March 17, 2016

How to Set a Document Management Policy in Stone – and Why You Should

It's a huge challenge to keep up with all the paperwork and electronic files that are generated by a workplace without a document management solution.

“It generally starts slowly — an email here, a receipt there, incoming invoices and customer correspondence,” said an office products spokesperson. “But before you know it, you've got a mountain of paper and no way to find the documents you need."

A Price Waterhouse study cited in a story reported that it took several paralegals 67 hours to search through 10,000 documents to find 15 documents. The same search, using document management technology, found 20 documents in 4.5 seconds.

Efficiency isn’t the only reason why all workplaces are being urged to implement a structured document management policy.

A document management solution for organizing paper and digital files can help protect confidential information. Federal, state and other privacy regulations direct the safekeeping of information. Non-compliance can lead to a security breach and other damages including penalties and fines.

What makes a document management procedure work?

  • Leadership: Create a designated leadership role to oversee document management whether it is one person from each department or the office manager if it’s a small business.
  • Consistency: When everyone in the company uses a standard method for storing and labelling documents, it is easier to create, file, and find important documents. In many cases, parameters are set by privacy laws that define confidential information in documents, and direct who should have access to them and how they should be kept and for how long. Step one of implementation is to catch-up to all the existing documents including multiple versions of the same document. Then, all new documents should be managed according to the procedures.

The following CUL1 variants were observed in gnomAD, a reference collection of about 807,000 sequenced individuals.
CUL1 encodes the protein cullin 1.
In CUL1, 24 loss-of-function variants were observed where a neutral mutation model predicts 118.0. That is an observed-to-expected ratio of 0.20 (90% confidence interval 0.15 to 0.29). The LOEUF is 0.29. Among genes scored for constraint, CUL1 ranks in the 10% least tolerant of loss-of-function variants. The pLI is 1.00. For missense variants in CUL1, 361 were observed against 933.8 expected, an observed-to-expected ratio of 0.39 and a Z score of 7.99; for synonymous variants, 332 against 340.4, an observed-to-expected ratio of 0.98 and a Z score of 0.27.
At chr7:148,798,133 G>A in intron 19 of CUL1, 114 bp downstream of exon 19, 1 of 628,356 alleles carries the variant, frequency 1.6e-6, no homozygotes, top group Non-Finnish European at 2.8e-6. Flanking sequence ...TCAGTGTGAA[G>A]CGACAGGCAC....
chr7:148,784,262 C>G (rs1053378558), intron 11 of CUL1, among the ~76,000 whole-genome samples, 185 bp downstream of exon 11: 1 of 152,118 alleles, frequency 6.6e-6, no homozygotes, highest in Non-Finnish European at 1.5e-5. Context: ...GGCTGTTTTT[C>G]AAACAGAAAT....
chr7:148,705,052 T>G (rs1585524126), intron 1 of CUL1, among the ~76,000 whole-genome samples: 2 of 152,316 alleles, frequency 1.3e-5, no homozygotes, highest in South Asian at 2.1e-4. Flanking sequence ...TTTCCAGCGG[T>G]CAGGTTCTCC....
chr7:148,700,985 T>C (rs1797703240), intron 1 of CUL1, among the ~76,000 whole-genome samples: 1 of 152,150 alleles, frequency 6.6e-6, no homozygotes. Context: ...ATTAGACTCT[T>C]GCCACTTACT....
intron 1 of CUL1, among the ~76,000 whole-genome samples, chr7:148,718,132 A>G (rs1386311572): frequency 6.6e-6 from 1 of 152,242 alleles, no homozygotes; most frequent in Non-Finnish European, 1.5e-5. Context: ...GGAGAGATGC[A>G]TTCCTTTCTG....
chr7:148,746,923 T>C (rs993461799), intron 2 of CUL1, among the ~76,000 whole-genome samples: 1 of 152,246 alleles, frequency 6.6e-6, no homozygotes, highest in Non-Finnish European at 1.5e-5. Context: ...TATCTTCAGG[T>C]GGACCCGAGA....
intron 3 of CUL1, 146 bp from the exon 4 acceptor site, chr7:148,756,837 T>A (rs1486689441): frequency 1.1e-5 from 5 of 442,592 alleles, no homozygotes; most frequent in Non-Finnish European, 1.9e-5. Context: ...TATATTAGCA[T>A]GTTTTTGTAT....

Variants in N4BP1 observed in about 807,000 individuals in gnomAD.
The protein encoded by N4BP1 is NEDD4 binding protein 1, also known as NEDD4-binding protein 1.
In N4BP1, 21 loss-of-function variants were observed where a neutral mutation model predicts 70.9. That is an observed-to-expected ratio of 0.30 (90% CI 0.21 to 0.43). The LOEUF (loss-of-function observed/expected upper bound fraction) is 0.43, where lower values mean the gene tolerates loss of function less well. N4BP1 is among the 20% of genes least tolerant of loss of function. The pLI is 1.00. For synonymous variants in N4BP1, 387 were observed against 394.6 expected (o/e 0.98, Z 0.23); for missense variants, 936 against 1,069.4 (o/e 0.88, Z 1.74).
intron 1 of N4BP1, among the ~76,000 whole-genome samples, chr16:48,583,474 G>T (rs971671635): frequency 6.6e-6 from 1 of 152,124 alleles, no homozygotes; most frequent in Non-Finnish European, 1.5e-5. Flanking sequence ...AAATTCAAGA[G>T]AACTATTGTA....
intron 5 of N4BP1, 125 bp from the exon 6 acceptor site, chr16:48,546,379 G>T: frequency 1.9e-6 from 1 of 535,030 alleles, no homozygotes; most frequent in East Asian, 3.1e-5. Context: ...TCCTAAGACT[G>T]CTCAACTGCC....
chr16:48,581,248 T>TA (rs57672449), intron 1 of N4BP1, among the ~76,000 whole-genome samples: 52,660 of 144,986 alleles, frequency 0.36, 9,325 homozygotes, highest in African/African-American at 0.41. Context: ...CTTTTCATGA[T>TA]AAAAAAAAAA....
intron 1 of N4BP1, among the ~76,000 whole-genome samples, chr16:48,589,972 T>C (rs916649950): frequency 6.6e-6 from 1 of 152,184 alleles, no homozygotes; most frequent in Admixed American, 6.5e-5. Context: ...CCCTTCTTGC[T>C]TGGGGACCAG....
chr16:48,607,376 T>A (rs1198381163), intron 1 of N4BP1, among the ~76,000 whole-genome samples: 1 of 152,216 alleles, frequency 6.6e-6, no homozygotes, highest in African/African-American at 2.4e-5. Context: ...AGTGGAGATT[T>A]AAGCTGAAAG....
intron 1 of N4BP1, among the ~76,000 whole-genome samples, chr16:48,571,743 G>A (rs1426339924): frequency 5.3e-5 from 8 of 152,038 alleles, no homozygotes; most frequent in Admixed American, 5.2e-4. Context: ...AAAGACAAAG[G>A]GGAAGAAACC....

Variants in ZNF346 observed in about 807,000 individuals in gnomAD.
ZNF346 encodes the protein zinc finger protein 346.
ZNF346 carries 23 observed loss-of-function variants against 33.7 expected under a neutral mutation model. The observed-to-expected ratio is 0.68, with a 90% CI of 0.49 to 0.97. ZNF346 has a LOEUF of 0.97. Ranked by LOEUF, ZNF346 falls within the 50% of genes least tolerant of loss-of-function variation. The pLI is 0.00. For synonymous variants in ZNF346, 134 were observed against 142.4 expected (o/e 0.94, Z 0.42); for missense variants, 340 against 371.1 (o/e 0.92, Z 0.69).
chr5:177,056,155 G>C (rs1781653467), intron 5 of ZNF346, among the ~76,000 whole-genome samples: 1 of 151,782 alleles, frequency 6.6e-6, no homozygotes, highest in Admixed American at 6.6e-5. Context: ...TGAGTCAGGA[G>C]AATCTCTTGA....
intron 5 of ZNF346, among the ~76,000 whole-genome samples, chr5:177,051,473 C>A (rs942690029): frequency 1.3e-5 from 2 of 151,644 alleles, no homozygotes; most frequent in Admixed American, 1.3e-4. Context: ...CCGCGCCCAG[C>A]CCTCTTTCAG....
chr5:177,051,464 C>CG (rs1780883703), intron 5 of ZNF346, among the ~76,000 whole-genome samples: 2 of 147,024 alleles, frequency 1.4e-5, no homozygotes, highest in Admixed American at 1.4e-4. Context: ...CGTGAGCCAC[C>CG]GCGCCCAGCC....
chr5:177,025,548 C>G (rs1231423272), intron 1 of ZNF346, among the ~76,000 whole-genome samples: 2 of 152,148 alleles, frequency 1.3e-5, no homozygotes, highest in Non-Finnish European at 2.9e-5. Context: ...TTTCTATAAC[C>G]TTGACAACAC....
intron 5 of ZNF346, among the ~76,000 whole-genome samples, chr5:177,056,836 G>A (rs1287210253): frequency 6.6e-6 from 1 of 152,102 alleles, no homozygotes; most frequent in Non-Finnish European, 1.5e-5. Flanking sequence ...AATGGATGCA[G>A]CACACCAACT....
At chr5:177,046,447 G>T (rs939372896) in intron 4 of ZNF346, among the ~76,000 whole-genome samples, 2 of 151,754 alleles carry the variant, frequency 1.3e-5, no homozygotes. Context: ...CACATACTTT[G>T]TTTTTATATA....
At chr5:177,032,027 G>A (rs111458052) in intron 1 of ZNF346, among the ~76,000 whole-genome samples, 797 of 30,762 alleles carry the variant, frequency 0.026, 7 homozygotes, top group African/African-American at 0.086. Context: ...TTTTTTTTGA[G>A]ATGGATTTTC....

• Communication: After a formal company-wide introduction to new document management procedures, the company should hold smaller more function-specific training sessions for each department. Use internal marketing to address any resistance to change – post reminders where document processes take place. Explain any repercussions for violations.
  • Workplace Support: Put systems in place that support the document management policy. For example, utilize secure file sharing protocols. Implement a Shred-it-all Policy to reduce the risk of human error in terms of which paperwork should be shredded. For disposal, partner with a document destruction company that provides secure on or off-site shredding services.
  • Be Clear About Retention: To remain compliant, regulated industries must stay on top of record-keeping legislation as changes are made and new bills introduced.    
  • Purging: Clear out old documents regularly too. Save a file only if it's relevant to work activity, or there’s a legal requirement.
  • Destruction: Make sure all documents to be destroyed are securely stored in locked consoles. Partner with a professional destruction service that has a secure chain of custody and provides a Certificate of Destruction for legal proof. Securely dispose of dated floppy disks, cassette tapes and hard drives too.

The Document Management Solutions Ebook is a free guide to best practices for implementing a document management policy.